Our appellate review of an adjudication of a municipal civil service commission is limited to determining whether constitutional rights have been violated, an error of law committed or whether the necessary findings of fact are supported by substantial evidence. 2 Pa.C.S. ยง 754(b); Lewis v. Philadelphia Civil Service Commission, 518 Pa. 170, 542 A.2d 519 (1988). Because the Department was the prevailing party before the Commission, we must view the evidence in the light most favorable to the Department, giving it the benefit of all reasonable inferences. Id.

The first issue we must consider on appeal is whether the Commission's decision to uphold Appellee's dismissal is supported by substantial evidence. In determining whether an administrative decision is supported by substantial evidence, it must be asked whether from an examination of the entire record and the inferences therefrom a reasonable man might have reached the same decision. Leroi. Substantial evidence is more than a scintilla of evidence and it is not enough if it merely creates a suspicion of the existence of the fact to be established. See Lewis.

[ 141 Pa. Commw. Page 6]

We believe the evidence relied upon by the Commission did more than merely create a suspicion that Appellee knowingly made a "fall guy arrest". The Commission, confronted with conflicting testimony, was required as factfinder to resolve these conflicts, make inferences therefrom and draw credibility determinations. See Civil Service Page 6} Commission v. Saladino, 47 Pa. Commonwealth Ct. 249, 408 A.2d 178 (1979). In exercising this factfinding function, the Commission concluded that the testimony of Rowland and Garrett established a foundation for the events which resulted in Appellee's dismissal from the Department.*fn6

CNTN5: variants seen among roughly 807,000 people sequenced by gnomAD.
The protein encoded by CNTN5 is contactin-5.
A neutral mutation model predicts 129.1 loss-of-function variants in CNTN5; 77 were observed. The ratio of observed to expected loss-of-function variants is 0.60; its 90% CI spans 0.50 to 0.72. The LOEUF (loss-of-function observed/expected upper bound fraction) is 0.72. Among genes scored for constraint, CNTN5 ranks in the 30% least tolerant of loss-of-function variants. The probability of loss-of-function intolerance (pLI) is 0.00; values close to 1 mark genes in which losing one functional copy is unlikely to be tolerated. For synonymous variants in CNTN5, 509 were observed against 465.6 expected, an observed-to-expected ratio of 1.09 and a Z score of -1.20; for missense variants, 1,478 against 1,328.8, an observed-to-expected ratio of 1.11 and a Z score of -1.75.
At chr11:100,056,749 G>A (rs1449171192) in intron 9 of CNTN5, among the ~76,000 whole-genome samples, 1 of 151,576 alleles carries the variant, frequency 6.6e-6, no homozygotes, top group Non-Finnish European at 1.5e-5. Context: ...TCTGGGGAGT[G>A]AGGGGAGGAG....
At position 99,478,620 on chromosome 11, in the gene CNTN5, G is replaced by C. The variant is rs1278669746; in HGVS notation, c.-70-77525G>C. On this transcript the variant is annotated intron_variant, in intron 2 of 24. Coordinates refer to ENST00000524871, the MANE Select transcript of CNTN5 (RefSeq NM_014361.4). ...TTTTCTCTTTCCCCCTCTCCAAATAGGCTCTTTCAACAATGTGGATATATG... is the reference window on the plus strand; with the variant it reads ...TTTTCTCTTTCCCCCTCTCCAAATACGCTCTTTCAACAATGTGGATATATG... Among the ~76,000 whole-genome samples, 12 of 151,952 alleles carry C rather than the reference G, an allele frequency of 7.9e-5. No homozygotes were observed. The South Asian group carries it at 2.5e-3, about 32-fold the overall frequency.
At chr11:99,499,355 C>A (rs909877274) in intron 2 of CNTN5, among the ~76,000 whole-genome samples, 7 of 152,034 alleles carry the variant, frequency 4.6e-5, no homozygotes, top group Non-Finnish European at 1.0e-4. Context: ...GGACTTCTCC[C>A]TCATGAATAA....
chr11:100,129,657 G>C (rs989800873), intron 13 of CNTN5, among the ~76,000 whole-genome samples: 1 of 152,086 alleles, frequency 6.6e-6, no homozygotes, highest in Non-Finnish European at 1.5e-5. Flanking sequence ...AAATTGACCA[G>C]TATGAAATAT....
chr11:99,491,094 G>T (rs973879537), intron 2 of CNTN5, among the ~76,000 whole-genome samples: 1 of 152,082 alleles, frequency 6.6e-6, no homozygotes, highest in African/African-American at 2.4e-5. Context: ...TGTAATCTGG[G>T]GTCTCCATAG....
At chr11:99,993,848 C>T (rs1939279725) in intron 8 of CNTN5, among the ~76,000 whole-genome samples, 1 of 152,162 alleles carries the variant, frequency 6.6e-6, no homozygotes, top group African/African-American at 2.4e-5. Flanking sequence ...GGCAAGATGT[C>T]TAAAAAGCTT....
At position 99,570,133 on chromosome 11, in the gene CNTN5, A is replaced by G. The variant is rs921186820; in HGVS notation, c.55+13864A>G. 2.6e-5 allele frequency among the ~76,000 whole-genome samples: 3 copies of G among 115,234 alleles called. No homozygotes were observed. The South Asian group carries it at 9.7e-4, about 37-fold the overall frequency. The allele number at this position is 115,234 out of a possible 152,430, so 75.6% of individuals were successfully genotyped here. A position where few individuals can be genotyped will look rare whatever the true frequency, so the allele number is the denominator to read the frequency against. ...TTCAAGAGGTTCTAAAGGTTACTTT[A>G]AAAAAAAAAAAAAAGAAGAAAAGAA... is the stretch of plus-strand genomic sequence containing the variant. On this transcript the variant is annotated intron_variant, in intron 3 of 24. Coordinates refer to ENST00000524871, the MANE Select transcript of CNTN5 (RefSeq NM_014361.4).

Rowland testified that he was hired by Garrett to take a "fall" at the corner of 56th Street and Chester Avenue. According to Rowland, on August 25, 1982 he was arrested by a black police officer (Appellee) and another white police officer. Rowland also testified that while waiting for the arrest to occur, he did not take any numbers nor did anyone come up to him and give him money. At the time of his arrest, Rowland testified he did not have any sort of paper containing numbers bets on him and that the only things in his possession were a pack of cigarettes and a newspaper. Rowland also admitted that he never had any contact with Appellee regarding his arrest.

Garrett testified that he received a phone call from his boss telling him to have someone "take a fall" on August 25, 1982 and that he hired Rowland to take this "fall". When shown the numbers slip allegedly confiscated from Rowland by Appellee on August 25, 1982, Garrett denied giving this paper to Rowland on August 25, 1982 or at any other time. Garrett further testified he had no contact with Appellee regarding Rowland's arrest.

Inspector William McDonough testified that he was assigned to investigate the August 25, 1982 arrest of Rowland. As part of his investigation, the inspector submitted the numbers slip allegedly confiscated by Appellee from Rowland to Corporal Joseph Zuggi, a handwriting expert for the Department. Inspector McDonough also identified for the Commission various police documents relevant to the Rowland arrest -- the investigation report, the arrest report, the complaint and the property receipt. According to the inspector, Appellee was dismissed from the Department for knowingly making false entries in Departmental records and documents. Inspector McDonough also indicated

[ 141 Pa. Commw. Page 7]